-GGH (PS) Rose v. American Home Mortgage Servicing, Inc., No. 2:2010cv03250 - Document 16 (E.D. Cal. 2011)

Court Description: ORDER and FINDINGS and RECOMMENDATIONS signed by Magistrate Judge Gregory G. Hollows on 05/24/11 ORDERING that the 12 OSC is DISCHARGED and RECOMMENDING that dft AHMSI's 5 Motion to Dismiss be granted; that the state law claims be dismissed and; that the TILA claim be dismissed and that dft be directed to file an answer to the remaining federal claims w/i 28 days of an order adopting these F&Rs. Objections to these F&Rs due w/i 14 days; referred to Judge Frank C. Damrell, Jr. (Benson, A.)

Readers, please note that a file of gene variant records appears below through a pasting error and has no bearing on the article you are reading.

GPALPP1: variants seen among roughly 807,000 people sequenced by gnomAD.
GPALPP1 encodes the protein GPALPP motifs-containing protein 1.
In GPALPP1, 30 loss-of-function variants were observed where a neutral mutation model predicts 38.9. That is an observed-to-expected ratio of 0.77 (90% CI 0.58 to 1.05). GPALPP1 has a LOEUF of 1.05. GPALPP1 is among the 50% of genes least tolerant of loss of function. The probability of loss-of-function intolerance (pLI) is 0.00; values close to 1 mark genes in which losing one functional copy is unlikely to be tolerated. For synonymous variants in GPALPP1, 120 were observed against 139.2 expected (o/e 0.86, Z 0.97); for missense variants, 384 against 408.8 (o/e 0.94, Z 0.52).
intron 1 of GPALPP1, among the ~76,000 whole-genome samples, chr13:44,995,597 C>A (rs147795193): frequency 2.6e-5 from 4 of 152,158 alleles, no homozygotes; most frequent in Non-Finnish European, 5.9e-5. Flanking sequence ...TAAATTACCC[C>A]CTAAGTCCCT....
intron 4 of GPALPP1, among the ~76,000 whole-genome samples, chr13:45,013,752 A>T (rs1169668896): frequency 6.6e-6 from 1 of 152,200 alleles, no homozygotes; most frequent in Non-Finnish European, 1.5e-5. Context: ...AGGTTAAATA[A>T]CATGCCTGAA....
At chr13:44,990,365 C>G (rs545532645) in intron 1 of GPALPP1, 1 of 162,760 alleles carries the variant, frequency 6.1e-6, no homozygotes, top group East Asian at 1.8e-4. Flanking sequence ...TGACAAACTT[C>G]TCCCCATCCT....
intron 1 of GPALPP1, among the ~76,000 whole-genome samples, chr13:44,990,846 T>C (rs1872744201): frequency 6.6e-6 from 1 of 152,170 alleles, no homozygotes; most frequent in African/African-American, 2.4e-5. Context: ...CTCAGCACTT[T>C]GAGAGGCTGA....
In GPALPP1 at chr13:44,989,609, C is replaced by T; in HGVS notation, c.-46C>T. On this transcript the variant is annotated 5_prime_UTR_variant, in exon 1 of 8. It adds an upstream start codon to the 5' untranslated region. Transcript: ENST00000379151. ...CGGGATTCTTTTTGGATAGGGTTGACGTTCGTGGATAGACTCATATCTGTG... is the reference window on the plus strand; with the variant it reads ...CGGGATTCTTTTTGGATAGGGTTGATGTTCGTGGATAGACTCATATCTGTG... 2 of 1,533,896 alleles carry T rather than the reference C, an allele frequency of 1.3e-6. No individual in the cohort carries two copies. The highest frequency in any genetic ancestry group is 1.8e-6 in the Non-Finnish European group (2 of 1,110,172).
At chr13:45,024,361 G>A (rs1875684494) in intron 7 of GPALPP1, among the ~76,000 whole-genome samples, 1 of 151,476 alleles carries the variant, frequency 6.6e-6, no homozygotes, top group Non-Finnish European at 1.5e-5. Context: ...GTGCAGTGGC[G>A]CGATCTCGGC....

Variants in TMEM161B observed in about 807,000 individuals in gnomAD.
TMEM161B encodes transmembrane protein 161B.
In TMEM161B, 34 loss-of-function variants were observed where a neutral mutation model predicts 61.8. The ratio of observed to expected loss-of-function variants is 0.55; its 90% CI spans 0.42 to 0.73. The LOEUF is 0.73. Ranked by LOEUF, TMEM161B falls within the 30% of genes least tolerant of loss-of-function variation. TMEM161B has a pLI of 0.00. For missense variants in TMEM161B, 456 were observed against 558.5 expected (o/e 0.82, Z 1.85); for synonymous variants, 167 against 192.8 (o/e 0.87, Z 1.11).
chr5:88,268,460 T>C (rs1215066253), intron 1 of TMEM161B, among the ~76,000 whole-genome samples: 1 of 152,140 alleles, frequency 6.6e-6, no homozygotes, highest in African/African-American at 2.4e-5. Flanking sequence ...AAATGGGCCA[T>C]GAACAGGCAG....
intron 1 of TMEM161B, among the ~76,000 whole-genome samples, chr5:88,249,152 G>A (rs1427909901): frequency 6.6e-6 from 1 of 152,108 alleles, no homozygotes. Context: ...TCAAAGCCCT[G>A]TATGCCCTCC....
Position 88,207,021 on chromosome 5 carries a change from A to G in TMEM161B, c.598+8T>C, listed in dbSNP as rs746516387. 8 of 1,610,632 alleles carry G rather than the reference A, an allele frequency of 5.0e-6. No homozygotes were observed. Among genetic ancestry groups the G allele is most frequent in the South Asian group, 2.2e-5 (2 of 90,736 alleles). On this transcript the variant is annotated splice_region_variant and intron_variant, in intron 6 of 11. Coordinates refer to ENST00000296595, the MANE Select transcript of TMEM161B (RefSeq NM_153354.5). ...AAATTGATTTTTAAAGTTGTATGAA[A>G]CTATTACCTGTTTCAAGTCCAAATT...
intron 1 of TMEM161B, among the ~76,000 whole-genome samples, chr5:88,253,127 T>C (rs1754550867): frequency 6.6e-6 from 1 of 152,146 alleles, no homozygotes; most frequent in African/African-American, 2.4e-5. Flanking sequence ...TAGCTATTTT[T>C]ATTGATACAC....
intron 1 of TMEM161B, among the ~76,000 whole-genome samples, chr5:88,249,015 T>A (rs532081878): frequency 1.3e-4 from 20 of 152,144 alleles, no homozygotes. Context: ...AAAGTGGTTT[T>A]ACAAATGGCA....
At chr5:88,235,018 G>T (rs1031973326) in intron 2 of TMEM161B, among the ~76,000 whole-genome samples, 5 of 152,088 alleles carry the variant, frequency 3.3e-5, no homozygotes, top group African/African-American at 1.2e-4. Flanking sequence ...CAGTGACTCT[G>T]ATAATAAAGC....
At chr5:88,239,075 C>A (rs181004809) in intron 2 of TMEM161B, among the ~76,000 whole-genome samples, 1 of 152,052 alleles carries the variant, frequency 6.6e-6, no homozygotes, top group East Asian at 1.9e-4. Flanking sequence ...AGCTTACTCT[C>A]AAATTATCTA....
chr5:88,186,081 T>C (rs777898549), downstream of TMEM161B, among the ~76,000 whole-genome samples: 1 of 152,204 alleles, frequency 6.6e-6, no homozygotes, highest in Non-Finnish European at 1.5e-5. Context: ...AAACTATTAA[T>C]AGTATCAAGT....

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-GGH (PS) Rose v. American Home Mortgage Servicing, Inc. Doc. 16 1 2 3 4 5 6 7 IN THE UNITED STATES DISTRICT COURT 8 FOR THE EASTERN DISTRICT OF CALIFORNIA 9 RONALD ROSE, 10 Plaintiff, 11 CIV. NO. S-10-3250 FCD GGH PS vs. 12 13 14 AMERICAN HOME MORTGAGE SERVICING, INC., et al., Defendants. ______________________________/ ORDER AND FINDINGS AND RECOMMENDATIONS 15 16 Plaintiff is proceeding pro se in this action, referred to the undersigned pursuant to 17 Local Rule 72-302(c)(21). Presently before the court is defendant American Home Mortgage 18 Servicing, Inc.’s (“AHMSI”) motion to dismiss, filed December 9, 2010.1 Plaintiff filed an 19 opposition after a show cause order was issued. Having reviewed the papers in support of and in 20 opposition to the motion, the undersigned now issues the following order and findings and 21 recommendations. 22 \\\\ 23 \\\\ 24 \\\\ 25 26 1 The matter was vacated from the February 10, 2011 calendar after it was determined that oral argument was unnecessary. Dockets.Justia.com 1 BACKGROUND 2 This foreclosure action was removed from state court to this court on December 6, 3 2010, by defendant AHMSI.2 The complaint alleges that defendants have failed to produce a 4 proof of claim that they are allowed to enforce the note under the FDCPA (15 U.S.C. § 1692), 5 TILA (15 U.S.C. § 1611), RESPA (26 U.S.C. § 2605), 18 U.S.C. § 1701, and California’s 6 Uniform Commercial Code. Plaintiff seeks declaratory relief and rescission. Defendant AHMSI 7 moves to dismiss under Fed. R. Civ. P. 12(b)(6) for failure to state a claim. 8 This matter was originally scheduled for hearing on February 10, 2011; however, 9 after plaintiff failed to oppose the motion or file a statement of non-opposition, this court issued 10 an order to show cause why sanctions should not be imposed for this failure. 11 Plaintiff responded to the order to show cause with a satisfactory explanation, and 12 requested further time to obtain counsel and file an opposition. That request was granted and on 13 March 28, 2011, plaintiff filed an opposition. Therefore, the order to show cause will be 14 discharged and sanctions will not be imposed. 15 DISCUSSION 16 I. Legal Standard for Motion to Dismiss 17 In order to survive dismissal for failure to state a claim pursuant to Rule 12(b)(6), 18 a complaint must contain more than a “formulaic recitation of the elements of a cause of action”; 19 it must contain factual allegations sufficient to “raise a right to relief above the speculative 20 level.” Bell Atlantic Corp. v. Twombly, 550 U.S. 544, 127 S.Ct. 1955, 1965 (2007). “The 21 pleading must contain something more...than...a statement of facts that merely creates a suspicion 22 [of] a legally cognizable right of action.” Id., quoting 5 C. Wright & A. Miller, Federal Practice 23 and Procedure § 1216, pp. 235-236 (3d ed. 2004). “[A] complaint must contain sufficient factual 24 25 26 2 It appears from the record that co-defendant Option One Mortgage, now known as Sand Canyon Corporation, has not been served and has not made an appearance in this case. 2 1 matter, accepted as true, to ‘state a claim to relief that is plausible on its face.’” Ashcroft v. Iqbal, 2 ___ U.S. ___, 129 S.Ct. 1937, 1949 (2009) (quoting Twombly, 550 U.S. at 570, 127 S.Ct. 1955). 3 “A claim has facial plausibility when the plaintiff pleads factual content that allows the court to 4 draw the reasonable inference that the defendant is liable for the misconduct alleged.” Id. 5 In considering a motion to dismiss, the court must accept as true the allegations of 6 the complaint in question, Hospital Bldg. Co. v. Rex Hospital Trustees, 425 U.S. 738, 740, 96 S. 7 Ct. 1848, 1850 (1976), construe the pleading in the light most favorable to the party opposing the 8 motion and resolve all doubts in the pleader’s favor. Jenkins v. McKeithen, 395 U.S. 411, 421, 9 89 S. Ct. 1843, 1849, reh’g denied, 396 U.S. 869, 90 S. Ct. 35 (1969). The court will “‘presume 10 that general allegations embrace those specific facts that are necessary to support the claim.’” 11 National Organization for Women, Inc. v. Scheidler, 510 U.S. 249, 256, 114 S.Ct. 798, 803 12 (1994), quoting Lujan v. Defenders of Wildlife, 504 U.S. 555, 561, 112 S. Ct. 2130, 2137 (1992). 13 Moreover, pro se pleadings are held to a less stringent standard than those drafted by lawyers. 14 Haines v. Kerner, 404 U.S. 519, 520, 92 S. Ct. 594, 596 (1972). 15 The court may consider facts established by exhibits attached to the complaint. 16 Durning v. First Boston Corp., 815 F.2d 1265, 1267 (9th Cir. 1987). The court may also 17 consider facts which may be judicially noticed, Mullis v. United States Bankruptcy Ct., 828 F.2d 18 1385, 1388 (9th Cir. 1987); and matters of public record, including pleadings, orders, and other 19 papers filed with the court, Mack v. South Bay Beer Distributors, 798 F.2d 1279, 1282 (9th Cir. 20 1986). The court need not accept legal conclusions “cast in the form of factual allegations.” 21 Western Mining Council v. Watt, 643 F.2d 618, 624 (9th Cir. 1981). 22 A pro se litigant is entitled to notice of the deficiencies in the complaint and an 23 opportunity to amend, unless the complaint’s deficiencies could not be cured by amendment. See 24 Noll v. Carlson, 809 F. 2d 1446, 1448 (9th Cir. 1987). 25 \\\\ 26 3 1 II. Analysis 2 AHMSI asserts two grounds for dismissal, that defendants are not required to 3 “hold the note” prior to initiating foreclosure, and that plaintiff is unable to tender the amount of 4 the debt to cure the loan’s default. Although AHMSI removed this action to federal court, its 5 motion to dismiss is based exclusively on California law. 6 A. California Commercial Code 7 Plaintiff relies on the discredited theory that the holder of the note must be 8 identified before nonjudicial foreclosure can take place in California. Plaintiff disputes the 9 authority of defendant AHMSI, the loan servicing agent for U.S. Bank, which was assigned as a 10 trustee by Sand Canyon Corporation, fka Option One Mortgage, to initiate the nonjudicial 11 foreclosure proceedings against plaintiff’s home without actual possession of the original 12 promissory note. This contention is meritless. See Champlaie v. BAC Home Loans Servicing, 13 LP, 706 F.Supp.2d 1029 (E.D. Cal. 2009) (in nonjudicial foreclosure under California law, 14 production or possession of the promissory note is not required). Essentially, “California Civil 15 Code sections 2924-29241 establish an exhaustive set of requirements for non-judicial 16 foreclosure, and that production of the note is not one of these requirements.” Id. at 1048. 17 B. Ability to Tender 18 AHMSI next contends that plaintiff has not tendered the amount due which is a 19 condition precedent to an action seeking to set aside or cancel a foreclosure sale. AHMSI has 20 cited only California case law in support, but argues that the tender requirement is applicable to 21 the entire complaint. Defendant cites no federal authority to support dismissal of the FDCPA, 22 TILA or RESPA claims on this basis.3 23 \\\\ 24 25 26 3 Further, although defendant also cited 18 U.S.C. §2701 as a basis for removal to federal court, defendant makes no argument to dismiss this claim. 4 1 Of the federal claims, only the TILA claim requires a tender to be valid for 2 recission purposes. The Ninth Circuit has held that rescission under TILA “should be 3 conditioned on repayment of the amounts advanced by the lender.” Yamamoto v. Bank of N.Y., 4 329 F. 3d 1167, 1170 (9th Cir. 2003) (emphasis in original). District courts in this circuit have 5 dismissed rescission claims under TILA at the pleading stage based upon the plaintiff’s failure to 6 allege an ability to tender loan proceeds. See, e.g., Garza v. Am. Home Mortgage, 2009 WL 7 188604 at *5(E.D. Cal. 2009) (stating that “rescission is an empty remedy without [the 8 borrower’s] ability to pay back what she has received”); Ibarra v. Plaza Home Mortgage, 2009 9 WL 2901637 at *8 (S.D. Cal. 2009); Ing Bank v. Korn, 2009 WL 1455488 at *1 (W.D. Wash. 10 2009). In this case, plaintiff has failed to allege any facts relating to his ability to tender the loan 11 proceeds, or that he in fact ever tendered the loan proceeds. 12 For this reason, any claim for rescission under TILA must be dismissed. 13 C. Remaining Federal Claims 14 AHMSI has not addressed the FDCPA or RESPA claims, or the claim under 18 15 U.S.C. §2701. Therefore, the motion to dismiss will be granted only on the grounds raised by 16 this defendant. Defendant shall file an answer to these remaining claims.4 17 CONCLUSION 18 19 Accordingly, IT IS ORDERED that: the order to show cause, filed February 7, 2011, is discharged. 20 For the foregoing reasons, IT IS HEREBY RECOMMENDED that: 21 1. Defendant AHMSI's motion to dismiss (Dkt. no. 5) be granted; 22 2. The state law claims be dismissed; 23 3. The TILA claim be dismissed; 24 25 26 4 Defendant is informed that all claims subject to dismissal should be addressed in one motion. 5 1 2 3 4. Defendant be directed to file an answer to the remaining federal claims within 28 days of an order adopting these findings and recommendations. These findings and recommendations are submitted to the United States District 4 Judge assigned to the case, pursuant to the provisions of Title 28 U.S.C. § 636(b)(l). Within 5 fourteen (14) days after being served with these findings and recommendations, any party may 6 file written objections with the court and serve a copy on all parties. Such a document should be 7 captioned “Objections to Magistrate Judge’s Findings and Recommendations.” Any reply to the 8 objections shall be served and filed within fourteen (14) days after service of the objections. The 9 parties are advised that failure to file objections within the specified time may waive the right to 10 appeal the District Court’s order. Martinez v. Ylst, 951 F.2d 1153 (9th Cir. 1991). 11 DATED: 05/24/2011 /s/ Gregory G. Hollows 12 GREGORY G. HOLLOWS UNITED STATES MAGISTRATE JUDGE 13 GGH:076/Rose3250.mtd.wpd 14 15 16 17 18 19 20 21 22 23 24 25 26